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Aug. 27 — The growth in Medicare spending in fiscal year 2014 has slowed considerably compared with past years, but overall spending on health-care programs continues to rise, according to an Aug. 27 report from the Congressional Budget Office.
The CBO lowered its projection of spending for Medicare in FY 2014 by $9 billion, and by a total of $11 billion over 10 years.
The report said previous estimates about the impact of provisions of the Affordable Care Act related to health insurance coverage haven't changed substantially for 2014 or for the next decade. Since its report in April, the CBO said the information available has been too limited to forecast any significant changes.
In the current fiscal year, 2014 (which ends Sept. 30), net spending for Medicare will rise only 2 percent, slower than what the agency previously predicted, but spending for Medicaid will rise 15 percent, primarily because of states expanding Medicaid eligibility under the ACA.
The CBO previously updated its budget projections in April.
For Medicare, the spending predictions stem from lower-than-expected spending for Part A (Hospital Insurance) services and Part D (outpatient prescription drugs). The 2 percent growth represents an overall decrease in the cost per beneficiary, “a striking phenomenon,” CBO Director Douglas Elmendorf said during an Aug. 27 press briefing.
Payment rates for Medicare will be slightly lower than what the agency forecast in its last budget projection in April because of economic changes, the report said, meaning projected outlays will be reduced by $49 billion over 10 years.
The CBO said its estimate of Medicare spending assumes the current sustainable growth rate (SGR) formula will remain in effect. Each year, the SGR formula calls for deep cuts in Medicare physician pay rates that are routinely canceled by Congress with what has come to be known as a “doc fix.”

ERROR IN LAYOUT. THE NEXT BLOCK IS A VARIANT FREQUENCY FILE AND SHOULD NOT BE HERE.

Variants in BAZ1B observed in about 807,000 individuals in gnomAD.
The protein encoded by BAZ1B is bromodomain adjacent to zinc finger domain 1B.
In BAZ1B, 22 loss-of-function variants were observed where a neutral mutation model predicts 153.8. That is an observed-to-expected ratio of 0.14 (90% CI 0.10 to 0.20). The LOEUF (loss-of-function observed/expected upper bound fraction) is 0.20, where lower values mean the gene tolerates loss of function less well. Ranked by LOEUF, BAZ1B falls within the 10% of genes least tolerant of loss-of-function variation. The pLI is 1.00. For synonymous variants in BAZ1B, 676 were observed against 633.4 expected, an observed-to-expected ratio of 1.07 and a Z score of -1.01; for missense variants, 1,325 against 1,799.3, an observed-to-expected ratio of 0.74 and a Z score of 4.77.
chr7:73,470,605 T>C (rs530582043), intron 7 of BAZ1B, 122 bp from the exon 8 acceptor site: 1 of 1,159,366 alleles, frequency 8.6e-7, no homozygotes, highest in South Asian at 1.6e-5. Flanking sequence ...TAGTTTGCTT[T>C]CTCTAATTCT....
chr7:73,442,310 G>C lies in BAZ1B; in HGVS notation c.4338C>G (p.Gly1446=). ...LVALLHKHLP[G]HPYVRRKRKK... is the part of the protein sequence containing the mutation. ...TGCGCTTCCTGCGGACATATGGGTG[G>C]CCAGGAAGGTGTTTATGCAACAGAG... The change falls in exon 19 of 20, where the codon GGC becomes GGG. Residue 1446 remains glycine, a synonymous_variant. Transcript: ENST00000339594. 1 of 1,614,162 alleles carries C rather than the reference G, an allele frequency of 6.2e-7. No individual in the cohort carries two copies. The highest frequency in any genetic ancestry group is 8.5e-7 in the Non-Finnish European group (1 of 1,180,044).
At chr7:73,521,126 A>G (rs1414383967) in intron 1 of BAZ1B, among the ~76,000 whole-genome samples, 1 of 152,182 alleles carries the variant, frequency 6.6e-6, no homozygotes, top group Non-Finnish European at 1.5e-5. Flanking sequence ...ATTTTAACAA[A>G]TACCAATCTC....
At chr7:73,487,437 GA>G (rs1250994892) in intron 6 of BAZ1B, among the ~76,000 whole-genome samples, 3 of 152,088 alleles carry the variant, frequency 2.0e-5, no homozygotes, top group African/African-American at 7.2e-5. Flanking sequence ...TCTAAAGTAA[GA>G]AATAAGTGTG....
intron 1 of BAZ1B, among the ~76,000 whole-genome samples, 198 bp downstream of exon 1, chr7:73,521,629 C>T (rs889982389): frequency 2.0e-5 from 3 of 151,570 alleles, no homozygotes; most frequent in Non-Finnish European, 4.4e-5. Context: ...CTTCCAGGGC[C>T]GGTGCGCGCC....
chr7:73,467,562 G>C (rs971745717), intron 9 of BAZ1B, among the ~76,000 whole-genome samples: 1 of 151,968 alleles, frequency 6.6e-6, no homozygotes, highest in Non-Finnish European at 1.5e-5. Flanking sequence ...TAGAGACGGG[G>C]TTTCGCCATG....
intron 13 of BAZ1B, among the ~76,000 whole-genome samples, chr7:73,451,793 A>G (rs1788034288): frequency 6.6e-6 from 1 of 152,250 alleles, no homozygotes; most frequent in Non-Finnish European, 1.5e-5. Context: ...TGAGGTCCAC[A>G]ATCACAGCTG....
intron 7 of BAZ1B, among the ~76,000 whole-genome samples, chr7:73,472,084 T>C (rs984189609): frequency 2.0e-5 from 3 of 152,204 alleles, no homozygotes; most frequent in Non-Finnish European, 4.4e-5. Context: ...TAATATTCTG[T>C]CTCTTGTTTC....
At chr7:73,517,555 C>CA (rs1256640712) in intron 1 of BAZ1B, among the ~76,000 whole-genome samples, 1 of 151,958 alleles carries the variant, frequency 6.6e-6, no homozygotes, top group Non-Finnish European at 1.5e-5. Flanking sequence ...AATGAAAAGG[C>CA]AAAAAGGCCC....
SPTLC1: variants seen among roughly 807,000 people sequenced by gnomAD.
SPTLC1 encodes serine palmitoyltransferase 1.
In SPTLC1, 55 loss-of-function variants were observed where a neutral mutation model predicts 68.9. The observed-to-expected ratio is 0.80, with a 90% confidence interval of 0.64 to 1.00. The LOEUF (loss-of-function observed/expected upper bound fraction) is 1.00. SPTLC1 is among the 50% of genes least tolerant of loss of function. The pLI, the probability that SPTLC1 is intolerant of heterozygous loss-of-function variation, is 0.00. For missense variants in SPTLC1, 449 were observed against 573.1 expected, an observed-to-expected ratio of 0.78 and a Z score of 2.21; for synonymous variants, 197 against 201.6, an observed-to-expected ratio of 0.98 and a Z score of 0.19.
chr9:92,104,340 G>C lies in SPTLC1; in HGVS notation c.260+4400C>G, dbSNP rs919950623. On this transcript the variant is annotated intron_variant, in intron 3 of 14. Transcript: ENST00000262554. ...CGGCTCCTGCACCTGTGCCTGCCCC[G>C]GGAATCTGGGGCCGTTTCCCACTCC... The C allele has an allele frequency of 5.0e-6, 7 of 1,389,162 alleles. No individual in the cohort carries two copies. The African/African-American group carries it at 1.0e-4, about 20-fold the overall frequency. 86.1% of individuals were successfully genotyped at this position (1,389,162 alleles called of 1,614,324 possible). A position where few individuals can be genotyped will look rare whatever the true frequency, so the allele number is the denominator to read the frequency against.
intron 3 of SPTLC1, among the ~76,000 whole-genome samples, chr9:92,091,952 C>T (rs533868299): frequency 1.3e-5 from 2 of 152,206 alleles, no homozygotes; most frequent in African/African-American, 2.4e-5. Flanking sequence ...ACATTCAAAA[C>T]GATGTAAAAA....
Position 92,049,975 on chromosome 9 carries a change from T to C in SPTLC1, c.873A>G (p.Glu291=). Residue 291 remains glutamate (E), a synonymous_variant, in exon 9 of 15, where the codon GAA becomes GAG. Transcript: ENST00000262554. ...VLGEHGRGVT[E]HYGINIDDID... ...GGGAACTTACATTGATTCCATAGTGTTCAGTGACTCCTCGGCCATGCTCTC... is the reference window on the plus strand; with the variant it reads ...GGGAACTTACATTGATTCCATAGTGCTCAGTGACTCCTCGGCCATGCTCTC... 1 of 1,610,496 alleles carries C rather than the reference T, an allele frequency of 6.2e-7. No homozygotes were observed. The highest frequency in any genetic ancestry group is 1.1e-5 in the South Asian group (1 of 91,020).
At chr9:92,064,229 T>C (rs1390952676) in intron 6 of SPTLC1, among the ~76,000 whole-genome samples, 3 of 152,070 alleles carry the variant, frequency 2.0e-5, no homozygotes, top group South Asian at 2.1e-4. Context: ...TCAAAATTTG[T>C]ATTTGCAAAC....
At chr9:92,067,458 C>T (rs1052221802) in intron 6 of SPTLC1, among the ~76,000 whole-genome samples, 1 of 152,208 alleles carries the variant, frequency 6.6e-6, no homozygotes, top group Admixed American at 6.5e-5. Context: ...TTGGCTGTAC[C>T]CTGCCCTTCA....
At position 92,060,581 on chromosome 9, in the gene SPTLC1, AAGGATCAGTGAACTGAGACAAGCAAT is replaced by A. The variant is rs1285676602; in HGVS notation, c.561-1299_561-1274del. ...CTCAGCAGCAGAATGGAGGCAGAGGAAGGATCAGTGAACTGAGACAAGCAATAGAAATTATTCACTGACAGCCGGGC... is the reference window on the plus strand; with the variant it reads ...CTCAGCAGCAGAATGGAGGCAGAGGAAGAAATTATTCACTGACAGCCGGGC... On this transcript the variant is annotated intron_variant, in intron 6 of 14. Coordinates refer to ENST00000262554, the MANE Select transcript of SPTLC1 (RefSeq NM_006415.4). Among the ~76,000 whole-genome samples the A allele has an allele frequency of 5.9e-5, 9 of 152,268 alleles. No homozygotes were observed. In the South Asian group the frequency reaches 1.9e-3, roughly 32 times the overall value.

Holding payment rates through 2024 at current levels and thus avoiding a cut from the SGR would raise spending for Medicare by $131 billion (or about 2 percent) between 2015 and 2024, the report said. The overall effect of the policy on Medicare (and on the deficit) would depend on whether lawmakers offset the effects of the change, as they often have done in the past, with other changes to reduce deficits, the CBO said.
In contrast to Medicare, Medicaid spending is projected to increase rapidly in the coming years, the CBO said.
Medicaid spending is projected to grow by $40 billion (or 15 percent) in FY 2014, the report said. As a percentage of gross domestic product, Medicaid spending is expected to rise from 1.8 percent in 2014 to 2.1 percent in 2024, the CBO said.
The report gave three reasons for the spending increase. More states are expected to expand Medicaid coverage under the provisions of the ACA; more people in states that have already expanded such coverage are expected to enroll in Medicaid; and federal spending for Medicaid benefits per person is expected to increase over time.
Elmendorf said the spending growth is expected to level out once Medicaid expansion has been phased in.
While Medicare spending is slowing, annual net outlays for all the government's major health-care programs are projected to rise by more than 85 percent in 10 years, the report said, and about 9 percent (or $67 billion) in 2014, the CBO said.
“All told, spending on the government's major health care programs, net of offsetting receipts, increases from 4.9 percent of GDP in 2014 to 5.9 percent of GDP in 2024,” the report said.
To contact the reporter on this story: Nathaniel Weixel in Washington at email@example.com
To contact the editor responsible for this story: Brian Broderick at firstname.lastname@example.org
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